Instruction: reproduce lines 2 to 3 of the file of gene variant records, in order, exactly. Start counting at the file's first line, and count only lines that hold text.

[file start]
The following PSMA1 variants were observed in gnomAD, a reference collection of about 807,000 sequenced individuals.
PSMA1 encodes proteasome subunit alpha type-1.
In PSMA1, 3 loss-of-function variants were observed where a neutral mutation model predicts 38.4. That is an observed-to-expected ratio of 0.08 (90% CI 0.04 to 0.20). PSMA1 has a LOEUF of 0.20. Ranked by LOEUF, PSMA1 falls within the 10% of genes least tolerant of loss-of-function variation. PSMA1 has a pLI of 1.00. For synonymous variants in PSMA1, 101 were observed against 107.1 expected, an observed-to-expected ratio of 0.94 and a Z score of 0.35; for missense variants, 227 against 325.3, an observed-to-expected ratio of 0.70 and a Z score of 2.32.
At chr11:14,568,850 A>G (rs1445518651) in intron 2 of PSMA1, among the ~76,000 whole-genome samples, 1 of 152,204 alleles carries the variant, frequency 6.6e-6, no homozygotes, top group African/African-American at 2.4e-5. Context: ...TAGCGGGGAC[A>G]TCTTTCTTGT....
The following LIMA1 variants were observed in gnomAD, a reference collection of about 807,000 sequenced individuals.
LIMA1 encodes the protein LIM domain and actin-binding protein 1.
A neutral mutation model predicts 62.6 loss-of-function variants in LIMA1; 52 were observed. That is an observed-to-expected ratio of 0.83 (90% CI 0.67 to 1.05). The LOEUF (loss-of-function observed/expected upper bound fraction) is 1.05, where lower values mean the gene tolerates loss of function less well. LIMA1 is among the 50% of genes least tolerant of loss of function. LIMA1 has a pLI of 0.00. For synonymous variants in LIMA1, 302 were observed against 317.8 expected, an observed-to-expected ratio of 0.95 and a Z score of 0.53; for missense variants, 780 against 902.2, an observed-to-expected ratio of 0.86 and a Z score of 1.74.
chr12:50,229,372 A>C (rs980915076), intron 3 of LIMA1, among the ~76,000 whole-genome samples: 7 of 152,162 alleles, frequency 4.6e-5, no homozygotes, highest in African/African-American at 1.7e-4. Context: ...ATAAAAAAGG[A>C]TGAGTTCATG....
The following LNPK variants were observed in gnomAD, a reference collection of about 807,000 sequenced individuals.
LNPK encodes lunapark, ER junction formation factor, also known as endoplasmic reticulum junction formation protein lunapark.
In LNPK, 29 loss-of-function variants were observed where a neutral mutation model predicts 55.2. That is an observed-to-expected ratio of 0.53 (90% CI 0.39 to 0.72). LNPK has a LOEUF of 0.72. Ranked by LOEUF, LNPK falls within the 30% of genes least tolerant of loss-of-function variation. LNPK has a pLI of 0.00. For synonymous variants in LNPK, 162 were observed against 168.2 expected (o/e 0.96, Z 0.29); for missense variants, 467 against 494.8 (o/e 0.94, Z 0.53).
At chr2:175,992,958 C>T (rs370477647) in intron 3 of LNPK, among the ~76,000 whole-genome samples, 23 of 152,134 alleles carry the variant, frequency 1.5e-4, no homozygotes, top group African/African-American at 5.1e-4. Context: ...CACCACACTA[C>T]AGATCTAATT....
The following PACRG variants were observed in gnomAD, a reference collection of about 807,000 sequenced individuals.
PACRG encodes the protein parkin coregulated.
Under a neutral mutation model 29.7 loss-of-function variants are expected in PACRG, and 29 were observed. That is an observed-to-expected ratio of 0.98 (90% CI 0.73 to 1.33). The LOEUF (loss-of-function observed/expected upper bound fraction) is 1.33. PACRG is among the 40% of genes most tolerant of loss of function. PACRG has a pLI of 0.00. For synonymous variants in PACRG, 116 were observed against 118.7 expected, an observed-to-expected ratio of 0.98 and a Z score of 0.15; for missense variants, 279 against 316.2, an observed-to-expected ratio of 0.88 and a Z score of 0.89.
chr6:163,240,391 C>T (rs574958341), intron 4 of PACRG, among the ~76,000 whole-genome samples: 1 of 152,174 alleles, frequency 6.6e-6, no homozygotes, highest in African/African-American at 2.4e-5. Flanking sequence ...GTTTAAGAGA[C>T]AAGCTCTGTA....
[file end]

PSMA1 encodes proteasome subunit alpha type-1.
In PSMA1, 3 loss-of-function variants were observed where a neutral mutation model predicts 38.4. That is an observed-to-expected ratio of 0.08 (90% CI 0.04 to 0.20). PSMA1 has a LOEUF of 0.20. Ranked by LOEUF, PSMA1 falls within the 10% of genes least tolerant of loss-of-function variation. PSMA1 has a pLI of 1.00. For synonymous variants in PSMA1, 101 were observed against 107.1 expected, an observed-to-expected ratio of 0.94 and a Z score of 0.35; for missense variants, 227 against 325.3, an observed-to-expected ratio of 0.70 and a Z score of 2.32.